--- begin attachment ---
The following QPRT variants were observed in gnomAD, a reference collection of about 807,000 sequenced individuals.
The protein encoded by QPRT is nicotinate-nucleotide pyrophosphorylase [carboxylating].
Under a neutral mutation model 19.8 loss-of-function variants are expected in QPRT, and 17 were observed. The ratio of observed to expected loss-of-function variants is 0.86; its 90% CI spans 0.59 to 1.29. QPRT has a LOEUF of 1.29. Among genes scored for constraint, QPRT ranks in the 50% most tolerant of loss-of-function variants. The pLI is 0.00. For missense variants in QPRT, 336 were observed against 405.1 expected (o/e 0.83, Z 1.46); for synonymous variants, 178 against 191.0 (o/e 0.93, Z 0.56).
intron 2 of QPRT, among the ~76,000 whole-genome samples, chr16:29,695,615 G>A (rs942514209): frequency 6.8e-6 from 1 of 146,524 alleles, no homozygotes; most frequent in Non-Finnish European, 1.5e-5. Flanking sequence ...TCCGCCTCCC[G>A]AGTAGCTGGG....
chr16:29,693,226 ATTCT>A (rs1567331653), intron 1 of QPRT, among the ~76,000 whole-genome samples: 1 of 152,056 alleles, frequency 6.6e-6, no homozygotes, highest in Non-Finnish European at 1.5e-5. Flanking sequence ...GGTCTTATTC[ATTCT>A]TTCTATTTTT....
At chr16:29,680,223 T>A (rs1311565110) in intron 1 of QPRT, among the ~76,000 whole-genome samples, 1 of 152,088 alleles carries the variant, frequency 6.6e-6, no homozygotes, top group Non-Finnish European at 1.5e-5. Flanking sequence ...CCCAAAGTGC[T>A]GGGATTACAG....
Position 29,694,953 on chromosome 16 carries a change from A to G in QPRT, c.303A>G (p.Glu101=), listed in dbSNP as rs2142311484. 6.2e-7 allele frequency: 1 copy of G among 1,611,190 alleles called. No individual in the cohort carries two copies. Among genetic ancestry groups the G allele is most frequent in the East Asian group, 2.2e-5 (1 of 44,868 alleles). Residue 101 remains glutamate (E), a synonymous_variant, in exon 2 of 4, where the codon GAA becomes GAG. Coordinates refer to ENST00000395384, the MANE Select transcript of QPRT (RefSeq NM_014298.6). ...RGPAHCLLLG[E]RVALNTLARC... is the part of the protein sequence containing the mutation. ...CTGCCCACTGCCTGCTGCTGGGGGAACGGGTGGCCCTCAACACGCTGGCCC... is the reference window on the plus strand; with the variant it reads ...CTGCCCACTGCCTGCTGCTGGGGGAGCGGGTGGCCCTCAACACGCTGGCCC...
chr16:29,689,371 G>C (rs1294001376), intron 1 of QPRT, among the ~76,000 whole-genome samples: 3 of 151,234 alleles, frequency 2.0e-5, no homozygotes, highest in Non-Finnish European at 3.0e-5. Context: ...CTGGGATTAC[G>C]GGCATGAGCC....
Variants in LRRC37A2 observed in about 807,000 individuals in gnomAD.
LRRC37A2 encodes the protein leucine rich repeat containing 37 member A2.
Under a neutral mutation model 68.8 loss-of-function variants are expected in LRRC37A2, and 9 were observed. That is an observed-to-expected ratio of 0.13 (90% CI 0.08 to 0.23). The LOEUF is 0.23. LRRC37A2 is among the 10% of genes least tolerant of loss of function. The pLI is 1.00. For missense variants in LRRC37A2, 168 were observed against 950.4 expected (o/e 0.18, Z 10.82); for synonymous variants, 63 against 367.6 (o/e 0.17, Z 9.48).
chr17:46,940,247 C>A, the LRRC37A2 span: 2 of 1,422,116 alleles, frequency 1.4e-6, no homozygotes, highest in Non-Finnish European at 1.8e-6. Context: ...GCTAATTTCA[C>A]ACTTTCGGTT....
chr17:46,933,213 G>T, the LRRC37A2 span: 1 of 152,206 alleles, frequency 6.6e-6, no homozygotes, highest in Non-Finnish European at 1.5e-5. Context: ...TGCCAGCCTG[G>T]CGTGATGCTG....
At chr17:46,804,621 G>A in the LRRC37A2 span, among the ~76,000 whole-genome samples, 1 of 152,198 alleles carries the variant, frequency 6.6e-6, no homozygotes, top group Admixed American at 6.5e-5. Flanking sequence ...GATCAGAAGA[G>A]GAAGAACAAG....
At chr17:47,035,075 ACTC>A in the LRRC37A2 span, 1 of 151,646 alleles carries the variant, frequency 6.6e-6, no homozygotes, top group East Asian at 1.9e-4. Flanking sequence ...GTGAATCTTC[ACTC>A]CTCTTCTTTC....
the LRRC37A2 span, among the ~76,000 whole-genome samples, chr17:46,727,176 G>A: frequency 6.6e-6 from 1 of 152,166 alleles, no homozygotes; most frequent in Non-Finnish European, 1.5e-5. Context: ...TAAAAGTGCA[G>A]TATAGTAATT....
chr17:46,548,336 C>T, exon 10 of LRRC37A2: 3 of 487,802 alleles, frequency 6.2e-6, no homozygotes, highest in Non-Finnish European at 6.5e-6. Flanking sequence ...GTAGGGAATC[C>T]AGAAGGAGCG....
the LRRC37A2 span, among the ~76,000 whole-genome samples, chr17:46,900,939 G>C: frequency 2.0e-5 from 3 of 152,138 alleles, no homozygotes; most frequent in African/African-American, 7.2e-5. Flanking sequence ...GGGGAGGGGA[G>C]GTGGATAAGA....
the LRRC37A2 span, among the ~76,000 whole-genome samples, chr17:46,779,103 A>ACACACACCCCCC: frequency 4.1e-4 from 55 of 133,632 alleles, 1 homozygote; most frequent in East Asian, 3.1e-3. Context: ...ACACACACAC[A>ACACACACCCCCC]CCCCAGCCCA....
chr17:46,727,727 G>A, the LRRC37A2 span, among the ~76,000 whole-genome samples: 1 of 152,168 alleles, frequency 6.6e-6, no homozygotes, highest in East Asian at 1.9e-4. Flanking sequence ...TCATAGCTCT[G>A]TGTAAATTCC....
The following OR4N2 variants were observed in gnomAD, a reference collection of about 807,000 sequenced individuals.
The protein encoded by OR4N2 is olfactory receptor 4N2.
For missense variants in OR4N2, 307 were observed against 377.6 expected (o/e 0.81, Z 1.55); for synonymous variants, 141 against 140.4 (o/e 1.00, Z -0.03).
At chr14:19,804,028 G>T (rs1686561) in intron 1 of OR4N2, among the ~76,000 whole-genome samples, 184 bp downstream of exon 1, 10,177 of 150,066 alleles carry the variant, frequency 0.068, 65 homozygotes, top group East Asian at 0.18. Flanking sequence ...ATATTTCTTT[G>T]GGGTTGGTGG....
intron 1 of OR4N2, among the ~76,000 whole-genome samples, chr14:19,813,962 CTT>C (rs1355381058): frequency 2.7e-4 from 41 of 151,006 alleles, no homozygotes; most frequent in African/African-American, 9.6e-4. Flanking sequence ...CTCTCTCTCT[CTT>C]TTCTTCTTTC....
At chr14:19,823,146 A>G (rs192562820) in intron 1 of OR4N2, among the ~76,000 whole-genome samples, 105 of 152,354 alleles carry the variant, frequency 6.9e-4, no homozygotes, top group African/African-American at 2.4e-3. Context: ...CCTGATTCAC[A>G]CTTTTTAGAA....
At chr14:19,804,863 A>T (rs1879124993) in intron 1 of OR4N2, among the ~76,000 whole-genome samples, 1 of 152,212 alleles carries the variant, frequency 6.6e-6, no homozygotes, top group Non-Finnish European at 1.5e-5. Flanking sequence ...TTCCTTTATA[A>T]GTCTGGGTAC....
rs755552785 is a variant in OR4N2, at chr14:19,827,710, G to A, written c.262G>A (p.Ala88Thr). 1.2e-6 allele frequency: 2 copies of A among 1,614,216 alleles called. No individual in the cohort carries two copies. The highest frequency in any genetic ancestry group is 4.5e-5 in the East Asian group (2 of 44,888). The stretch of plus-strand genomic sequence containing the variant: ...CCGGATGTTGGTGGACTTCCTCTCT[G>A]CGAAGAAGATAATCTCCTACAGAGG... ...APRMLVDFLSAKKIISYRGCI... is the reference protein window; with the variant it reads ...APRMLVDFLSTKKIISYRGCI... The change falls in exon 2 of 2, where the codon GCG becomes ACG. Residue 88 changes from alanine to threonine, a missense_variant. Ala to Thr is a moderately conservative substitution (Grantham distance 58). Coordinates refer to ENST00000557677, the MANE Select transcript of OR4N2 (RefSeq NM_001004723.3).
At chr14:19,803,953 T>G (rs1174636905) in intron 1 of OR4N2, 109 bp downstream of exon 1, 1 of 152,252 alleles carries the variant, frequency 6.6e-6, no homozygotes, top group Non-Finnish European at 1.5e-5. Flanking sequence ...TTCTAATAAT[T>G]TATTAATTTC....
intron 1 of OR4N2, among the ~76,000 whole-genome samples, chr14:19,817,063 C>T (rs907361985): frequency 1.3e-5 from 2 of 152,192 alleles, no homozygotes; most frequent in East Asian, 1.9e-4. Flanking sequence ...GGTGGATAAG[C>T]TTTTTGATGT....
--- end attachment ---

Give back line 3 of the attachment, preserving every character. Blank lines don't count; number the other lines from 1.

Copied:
Under a neutral mutation model 19.8 loss-of-function variants are expected in QPRT, and 17 were observed. The ratio of observed to expected loss-of-function variants is 0.86; its 90% CI spans 0.59 to 1.29. QPRT has a LOEUF of 1.29. Among genes scored for constraint, QPRT ranks in the 50% most tolerant of loss-of-function variants. The pLI is 0.00. For missense variants in QPRT, 336 were observed against 405.1 expected (o/e 0.83, Z 1.46); for synonymous variants, 178 against 191.0 (o/e 0.93, Z 0.56).